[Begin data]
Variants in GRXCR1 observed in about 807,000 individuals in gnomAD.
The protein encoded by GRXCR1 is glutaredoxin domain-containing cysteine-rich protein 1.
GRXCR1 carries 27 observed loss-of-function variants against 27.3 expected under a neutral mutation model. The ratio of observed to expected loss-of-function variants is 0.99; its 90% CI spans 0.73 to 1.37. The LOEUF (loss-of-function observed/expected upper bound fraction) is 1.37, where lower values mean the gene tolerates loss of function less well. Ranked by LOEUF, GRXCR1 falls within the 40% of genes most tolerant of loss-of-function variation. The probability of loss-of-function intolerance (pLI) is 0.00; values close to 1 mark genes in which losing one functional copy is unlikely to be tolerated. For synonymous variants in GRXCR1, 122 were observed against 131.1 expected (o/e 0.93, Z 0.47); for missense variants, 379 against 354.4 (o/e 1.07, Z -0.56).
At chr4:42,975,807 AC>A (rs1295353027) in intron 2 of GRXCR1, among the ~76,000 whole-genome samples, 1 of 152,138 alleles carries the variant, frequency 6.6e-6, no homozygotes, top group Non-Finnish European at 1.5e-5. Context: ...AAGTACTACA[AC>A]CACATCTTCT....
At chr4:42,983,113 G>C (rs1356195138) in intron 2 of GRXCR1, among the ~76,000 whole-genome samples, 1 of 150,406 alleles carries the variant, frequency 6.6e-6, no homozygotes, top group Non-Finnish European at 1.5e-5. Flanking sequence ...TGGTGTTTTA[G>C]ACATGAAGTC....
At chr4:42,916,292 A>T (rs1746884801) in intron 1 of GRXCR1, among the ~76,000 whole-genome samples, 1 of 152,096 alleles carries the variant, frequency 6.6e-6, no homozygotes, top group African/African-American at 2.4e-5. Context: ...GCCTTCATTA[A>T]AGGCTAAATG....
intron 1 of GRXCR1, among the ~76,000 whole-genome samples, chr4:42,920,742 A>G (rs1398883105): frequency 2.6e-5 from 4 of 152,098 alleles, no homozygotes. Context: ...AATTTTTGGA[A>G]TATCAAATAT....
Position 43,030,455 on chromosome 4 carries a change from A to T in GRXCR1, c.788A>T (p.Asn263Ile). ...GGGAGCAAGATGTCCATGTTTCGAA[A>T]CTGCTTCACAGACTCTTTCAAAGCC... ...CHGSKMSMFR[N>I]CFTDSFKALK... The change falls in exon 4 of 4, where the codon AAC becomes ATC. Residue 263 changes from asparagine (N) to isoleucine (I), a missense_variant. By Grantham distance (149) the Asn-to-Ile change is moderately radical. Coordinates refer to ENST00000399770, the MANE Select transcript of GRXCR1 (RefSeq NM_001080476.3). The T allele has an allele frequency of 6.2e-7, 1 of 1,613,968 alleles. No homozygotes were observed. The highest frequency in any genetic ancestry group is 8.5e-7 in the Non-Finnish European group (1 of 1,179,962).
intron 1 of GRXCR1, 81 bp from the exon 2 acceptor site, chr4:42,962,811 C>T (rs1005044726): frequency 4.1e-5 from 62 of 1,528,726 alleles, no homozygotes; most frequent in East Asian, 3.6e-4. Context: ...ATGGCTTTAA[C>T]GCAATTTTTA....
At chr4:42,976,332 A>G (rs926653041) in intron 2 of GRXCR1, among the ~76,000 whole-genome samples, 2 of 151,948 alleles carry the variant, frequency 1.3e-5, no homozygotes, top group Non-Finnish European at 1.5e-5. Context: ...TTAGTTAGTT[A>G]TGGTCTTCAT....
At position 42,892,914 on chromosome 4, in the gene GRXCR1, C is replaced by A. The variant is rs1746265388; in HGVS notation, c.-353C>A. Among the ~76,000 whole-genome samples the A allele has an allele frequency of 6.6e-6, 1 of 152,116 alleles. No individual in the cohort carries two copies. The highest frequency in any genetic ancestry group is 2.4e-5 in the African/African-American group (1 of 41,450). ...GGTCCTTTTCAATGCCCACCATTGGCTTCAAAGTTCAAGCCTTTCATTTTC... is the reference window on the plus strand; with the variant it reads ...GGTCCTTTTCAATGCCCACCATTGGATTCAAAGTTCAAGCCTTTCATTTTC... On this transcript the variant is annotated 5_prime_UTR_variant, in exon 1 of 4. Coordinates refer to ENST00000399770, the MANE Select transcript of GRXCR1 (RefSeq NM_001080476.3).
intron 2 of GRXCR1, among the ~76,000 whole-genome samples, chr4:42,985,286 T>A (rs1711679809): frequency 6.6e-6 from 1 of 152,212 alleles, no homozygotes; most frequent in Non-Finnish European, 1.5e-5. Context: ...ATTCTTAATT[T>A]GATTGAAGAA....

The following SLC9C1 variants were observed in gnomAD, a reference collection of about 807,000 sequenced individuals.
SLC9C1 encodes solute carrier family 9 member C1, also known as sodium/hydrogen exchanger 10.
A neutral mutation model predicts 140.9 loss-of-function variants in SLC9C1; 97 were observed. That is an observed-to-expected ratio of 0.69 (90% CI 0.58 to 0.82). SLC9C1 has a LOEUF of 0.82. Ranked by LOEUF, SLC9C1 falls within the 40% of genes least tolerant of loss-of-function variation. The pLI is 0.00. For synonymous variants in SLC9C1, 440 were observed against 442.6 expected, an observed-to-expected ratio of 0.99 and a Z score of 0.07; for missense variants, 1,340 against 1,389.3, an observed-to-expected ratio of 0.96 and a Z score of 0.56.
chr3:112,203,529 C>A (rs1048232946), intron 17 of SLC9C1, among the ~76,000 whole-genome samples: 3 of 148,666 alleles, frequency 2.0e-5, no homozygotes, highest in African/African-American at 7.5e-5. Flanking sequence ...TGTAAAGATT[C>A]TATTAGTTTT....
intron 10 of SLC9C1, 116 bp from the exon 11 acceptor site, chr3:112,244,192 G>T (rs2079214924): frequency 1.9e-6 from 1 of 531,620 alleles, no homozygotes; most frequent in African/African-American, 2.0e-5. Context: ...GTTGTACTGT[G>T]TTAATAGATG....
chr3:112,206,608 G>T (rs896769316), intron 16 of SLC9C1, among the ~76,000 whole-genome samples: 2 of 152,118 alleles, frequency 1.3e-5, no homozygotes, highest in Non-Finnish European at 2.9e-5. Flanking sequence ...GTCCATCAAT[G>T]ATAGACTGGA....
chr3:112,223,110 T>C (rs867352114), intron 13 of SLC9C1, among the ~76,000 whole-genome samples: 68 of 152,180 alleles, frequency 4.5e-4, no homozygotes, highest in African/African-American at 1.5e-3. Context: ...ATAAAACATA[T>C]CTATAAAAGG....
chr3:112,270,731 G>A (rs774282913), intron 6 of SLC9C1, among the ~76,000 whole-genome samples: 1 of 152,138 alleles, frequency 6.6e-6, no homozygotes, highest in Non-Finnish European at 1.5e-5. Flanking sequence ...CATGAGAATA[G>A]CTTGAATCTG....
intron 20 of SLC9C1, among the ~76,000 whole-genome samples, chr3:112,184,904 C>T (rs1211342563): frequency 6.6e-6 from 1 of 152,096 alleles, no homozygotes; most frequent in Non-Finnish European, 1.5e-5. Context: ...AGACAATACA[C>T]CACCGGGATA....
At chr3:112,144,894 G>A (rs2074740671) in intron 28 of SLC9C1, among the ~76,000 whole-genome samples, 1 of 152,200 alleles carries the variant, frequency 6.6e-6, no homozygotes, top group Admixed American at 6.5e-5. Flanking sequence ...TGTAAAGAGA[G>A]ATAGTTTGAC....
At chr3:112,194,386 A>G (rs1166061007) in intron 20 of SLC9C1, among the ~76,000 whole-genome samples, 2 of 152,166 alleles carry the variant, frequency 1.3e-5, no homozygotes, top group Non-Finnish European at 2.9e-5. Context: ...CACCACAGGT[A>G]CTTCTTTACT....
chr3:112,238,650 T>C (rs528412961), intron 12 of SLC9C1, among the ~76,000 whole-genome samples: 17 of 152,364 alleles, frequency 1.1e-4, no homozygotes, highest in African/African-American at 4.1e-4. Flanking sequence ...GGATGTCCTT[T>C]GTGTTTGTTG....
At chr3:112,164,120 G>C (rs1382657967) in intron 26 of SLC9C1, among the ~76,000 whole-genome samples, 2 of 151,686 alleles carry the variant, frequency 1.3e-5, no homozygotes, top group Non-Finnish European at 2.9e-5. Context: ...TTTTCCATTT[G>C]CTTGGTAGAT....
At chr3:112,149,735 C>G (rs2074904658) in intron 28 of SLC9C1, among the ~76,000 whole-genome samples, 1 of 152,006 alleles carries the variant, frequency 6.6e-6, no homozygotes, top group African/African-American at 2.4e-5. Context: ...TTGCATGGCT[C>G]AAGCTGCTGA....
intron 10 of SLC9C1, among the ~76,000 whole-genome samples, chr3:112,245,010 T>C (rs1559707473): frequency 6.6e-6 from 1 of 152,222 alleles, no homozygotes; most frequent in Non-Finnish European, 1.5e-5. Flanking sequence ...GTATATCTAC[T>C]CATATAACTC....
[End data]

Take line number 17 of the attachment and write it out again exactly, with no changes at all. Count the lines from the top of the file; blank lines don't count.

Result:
intron 10 of SLC9C1, 116 bp from the exon 11 acceptor site, chr3:112,244,192 G>T (rs2079214924): frequency 1.9e-6 from 1 of 531,620 alleles, no homozygotes; most frequent in African/African-American, 2.0e-5. Context: ...GTTGTACTGT[G>T]TTAATAGATG....